Hodgson is averaging 12:41 of ice time because he’s fortunate enough to play behind Hank Sedin and Kesler – probably the two best centres in franchise history – on a team that won the Presidents’ Trophy last year by a furlong and had two chances to win one game for the Stanley Cup. Hodgson is going to the All-Star Game to sit at the prospects’ table.
Vigneault and the system are working just fine for Hodgson, who turns 22 on Feb. 18. On weaker teams, Henrik averaged 13:31 as rookie and 12:48 in his second season. Kesler played 14:03 as a freshman.
If Hodgson is bothered by ice time, it’s probably that it keeps surfacing as an issue.
“Even though that stuff is being written and is out there, I try not to listen to it because I know I’ll think about it more than I should,” he said. “I just want to go play and see what happens. I manage my expectations and I’m happy to be playing. Other people, I don’t know, they might think differently. I just want to help any way I can, contribute any way I can.”
Like anyone self-aware who is shoved ready or not into adulthood, Hodgson has learned a lot the past two years – about himself and his profession. He is finally healthy, and far stronger than he was before his back and leg injuries wiped out a full year of development.
When did he know he’d be the player he wants to be?
“I still don’t know,” he said. “I still think I have a ways to go to catch up. It’s just this past summer I actually started feeling good. I’ve got to manage my expectations. Two years ago I wasn’t playing hockey and a year ago I was still dealing with issues.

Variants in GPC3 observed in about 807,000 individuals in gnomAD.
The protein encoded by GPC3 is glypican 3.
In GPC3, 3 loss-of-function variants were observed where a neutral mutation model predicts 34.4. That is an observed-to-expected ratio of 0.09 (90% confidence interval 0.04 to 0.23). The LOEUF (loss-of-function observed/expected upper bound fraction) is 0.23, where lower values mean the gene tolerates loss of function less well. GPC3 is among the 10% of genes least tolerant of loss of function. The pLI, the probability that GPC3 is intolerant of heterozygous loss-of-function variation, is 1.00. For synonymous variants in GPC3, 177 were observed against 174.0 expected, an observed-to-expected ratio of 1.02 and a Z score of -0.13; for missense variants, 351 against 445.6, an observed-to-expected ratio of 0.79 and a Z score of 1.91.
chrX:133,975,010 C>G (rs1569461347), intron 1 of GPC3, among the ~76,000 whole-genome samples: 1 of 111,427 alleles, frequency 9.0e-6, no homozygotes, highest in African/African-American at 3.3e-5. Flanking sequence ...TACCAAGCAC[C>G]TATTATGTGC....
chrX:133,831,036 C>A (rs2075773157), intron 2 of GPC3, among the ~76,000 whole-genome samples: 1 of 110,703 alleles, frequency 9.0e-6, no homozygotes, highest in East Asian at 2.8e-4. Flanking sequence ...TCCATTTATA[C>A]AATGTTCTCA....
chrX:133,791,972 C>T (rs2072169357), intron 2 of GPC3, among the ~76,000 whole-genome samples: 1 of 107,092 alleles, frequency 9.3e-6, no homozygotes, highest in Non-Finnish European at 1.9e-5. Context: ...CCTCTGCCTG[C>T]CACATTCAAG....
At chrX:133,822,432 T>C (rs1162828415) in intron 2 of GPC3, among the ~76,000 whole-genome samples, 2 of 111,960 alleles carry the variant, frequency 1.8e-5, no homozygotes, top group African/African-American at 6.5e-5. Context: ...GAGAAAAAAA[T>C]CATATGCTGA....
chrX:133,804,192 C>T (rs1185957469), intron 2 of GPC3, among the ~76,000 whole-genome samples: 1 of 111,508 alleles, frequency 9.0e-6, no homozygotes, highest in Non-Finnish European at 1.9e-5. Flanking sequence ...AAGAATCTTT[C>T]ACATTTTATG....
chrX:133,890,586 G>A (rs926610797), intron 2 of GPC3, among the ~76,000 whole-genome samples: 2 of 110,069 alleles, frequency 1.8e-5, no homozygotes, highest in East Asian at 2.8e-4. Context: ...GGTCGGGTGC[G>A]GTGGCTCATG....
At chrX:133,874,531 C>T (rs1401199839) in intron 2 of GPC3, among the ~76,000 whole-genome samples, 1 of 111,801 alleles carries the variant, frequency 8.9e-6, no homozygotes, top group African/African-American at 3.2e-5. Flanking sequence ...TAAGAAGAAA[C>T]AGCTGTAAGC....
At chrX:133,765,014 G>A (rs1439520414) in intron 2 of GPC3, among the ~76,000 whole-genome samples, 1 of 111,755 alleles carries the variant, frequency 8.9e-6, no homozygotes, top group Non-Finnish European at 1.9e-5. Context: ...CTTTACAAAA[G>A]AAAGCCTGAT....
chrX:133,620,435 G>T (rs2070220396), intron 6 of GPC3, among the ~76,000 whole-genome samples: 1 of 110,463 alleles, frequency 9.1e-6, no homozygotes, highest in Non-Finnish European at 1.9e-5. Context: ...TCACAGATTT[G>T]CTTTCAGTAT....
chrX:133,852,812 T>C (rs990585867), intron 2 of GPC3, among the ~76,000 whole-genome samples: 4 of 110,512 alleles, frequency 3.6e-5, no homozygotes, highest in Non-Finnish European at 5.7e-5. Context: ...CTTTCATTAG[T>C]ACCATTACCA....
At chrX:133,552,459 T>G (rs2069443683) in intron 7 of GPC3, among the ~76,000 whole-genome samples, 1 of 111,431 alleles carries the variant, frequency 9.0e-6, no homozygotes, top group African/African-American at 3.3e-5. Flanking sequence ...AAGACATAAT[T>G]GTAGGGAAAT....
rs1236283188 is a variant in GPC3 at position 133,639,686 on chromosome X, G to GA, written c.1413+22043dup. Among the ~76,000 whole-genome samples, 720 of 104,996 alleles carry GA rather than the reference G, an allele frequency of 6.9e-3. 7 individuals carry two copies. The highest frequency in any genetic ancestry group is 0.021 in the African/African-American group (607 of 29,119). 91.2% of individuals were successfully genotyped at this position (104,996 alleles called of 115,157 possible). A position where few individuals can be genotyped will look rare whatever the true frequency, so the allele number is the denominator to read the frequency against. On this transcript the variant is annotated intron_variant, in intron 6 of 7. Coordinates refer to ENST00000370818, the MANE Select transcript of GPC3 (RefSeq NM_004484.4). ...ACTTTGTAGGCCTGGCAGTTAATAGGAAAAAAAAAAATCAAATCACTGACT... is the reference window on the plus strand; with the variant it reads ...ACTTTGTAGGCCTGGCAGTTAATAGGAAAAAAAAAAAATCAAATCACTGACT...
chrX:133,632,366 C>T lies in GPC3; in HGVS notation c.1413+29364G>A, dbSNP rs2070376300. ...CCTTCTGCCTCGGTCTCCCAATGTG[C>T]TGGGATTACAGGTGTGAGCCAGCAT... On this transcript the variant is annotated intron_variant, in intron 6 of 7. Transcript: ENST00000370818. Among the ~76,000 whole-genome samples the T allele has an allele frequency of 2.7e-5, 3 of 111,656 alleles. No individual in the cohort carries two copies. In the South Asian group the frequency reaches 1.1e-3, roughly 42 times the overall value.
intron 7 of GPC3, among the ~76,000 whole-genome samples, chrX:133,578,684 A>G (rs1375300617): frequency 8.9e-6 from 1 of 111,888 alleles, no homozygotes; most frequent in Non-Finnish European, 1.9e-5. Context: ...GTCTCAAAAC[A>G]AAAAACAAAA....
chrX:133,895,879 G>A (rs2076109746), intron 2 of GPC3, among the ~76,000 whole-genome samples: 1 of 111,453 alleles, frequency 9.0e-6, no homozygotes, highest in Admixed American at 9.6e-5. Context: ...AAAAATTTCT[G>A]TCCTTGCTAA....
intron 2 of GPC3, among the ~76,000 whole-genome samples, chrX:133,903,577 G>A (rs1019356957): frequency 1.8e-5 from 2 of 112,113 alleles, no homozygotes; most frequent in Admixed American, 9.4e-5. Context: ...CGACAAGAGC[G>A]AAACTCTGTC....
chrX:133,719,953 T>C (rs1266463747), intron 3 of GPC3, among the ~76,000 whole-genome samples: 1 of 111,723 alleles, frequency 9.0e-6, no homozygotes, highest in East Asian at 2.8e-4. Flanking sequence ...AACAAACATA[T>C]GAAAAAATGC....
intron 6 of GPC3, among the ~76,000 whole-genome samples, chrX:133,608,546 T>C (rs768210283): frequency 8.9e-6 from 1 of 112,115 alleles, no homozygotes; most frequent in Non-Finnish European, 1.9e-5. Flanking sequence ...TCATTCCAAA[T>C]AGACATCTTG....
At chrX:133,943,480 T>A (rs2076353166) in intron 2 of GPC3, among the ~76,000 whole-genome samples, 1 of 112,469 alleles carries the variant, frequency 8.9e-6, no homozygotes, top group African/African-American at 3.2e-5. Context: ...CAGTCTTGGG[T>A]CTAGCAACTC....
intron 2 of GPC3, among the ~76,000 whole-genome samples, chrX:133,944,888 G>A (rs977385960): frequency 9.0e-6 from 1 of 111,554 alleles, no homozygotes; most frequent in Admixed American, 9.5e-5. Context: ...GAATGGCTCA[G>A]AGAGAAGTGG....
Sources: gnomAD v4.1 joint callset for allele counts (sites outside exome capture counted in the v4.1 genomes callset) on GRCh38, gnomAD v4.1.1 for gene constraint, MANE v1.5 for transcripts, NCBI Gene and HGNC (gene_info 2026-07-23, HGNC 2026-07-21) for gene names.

“I feel good just to be playing [in the NHL]. I’m just enjoying being here.”
I am telling you. NEXT TREVOR LINDEN.
|via: mattiasohlund-deactivated201301 /||2 years ago with 44 notes|
Cody with a two goal game. He now has 14 points in his last 16 games and is second amongst rookies in goals scored with 13 (only two back of Matt Read’s leading 15). Cody for Calder?
|via: mattiasohlund-deactivated201301 /||2 years ago with 58 notes|
Cody Hodgson bought 10 tickets to tonight’s game for family and friends. And 1 for his first grade teacher. Because he missed a day of school for a hockey tournament once, and she said it was okay, if he got her tickets when he made the NHL.
|via: canadiens / source: jannikhansen36||2 years ago with 646 notes|
This season, however, Cody Hodgson is leading the Canucks in penalties drawn per 60 minutes, which doesn’t seem to make a lot of sense on the surface. Hodgson doesn’t have the speed of Raymond, the size of Kesler, or the dickery of Burrows. What he does have, however, is the ability to make plays in traffic and a lot of strength on the puck. Hodgson is never afraid to stickhandle in tight situations, frequently causing opponents to reach in and take tripping and hooking penalties.
- Daniel Wagner (of Pass it to Bulis)
ahaha, I love the description of Burrows’ play. Great work there, Daniel.
|via: interrobangampersand /||2 years ago with 8 notes|
C’mon AV. I like you, but I don’t like you for some things. #likeyourbonerforRome
|2 years ago|
CODY HODGSON, goal. canucks/blue jackets. october 10th, 2011.
|via: frenchcanucktion-deactivated201 /||3 years ago with 14 notes|
|via: mattiasohlund-deactivated201301 /||3 years ago with 35 notes|
|via: tobiaaseaton /||3 years ago with 34 notes|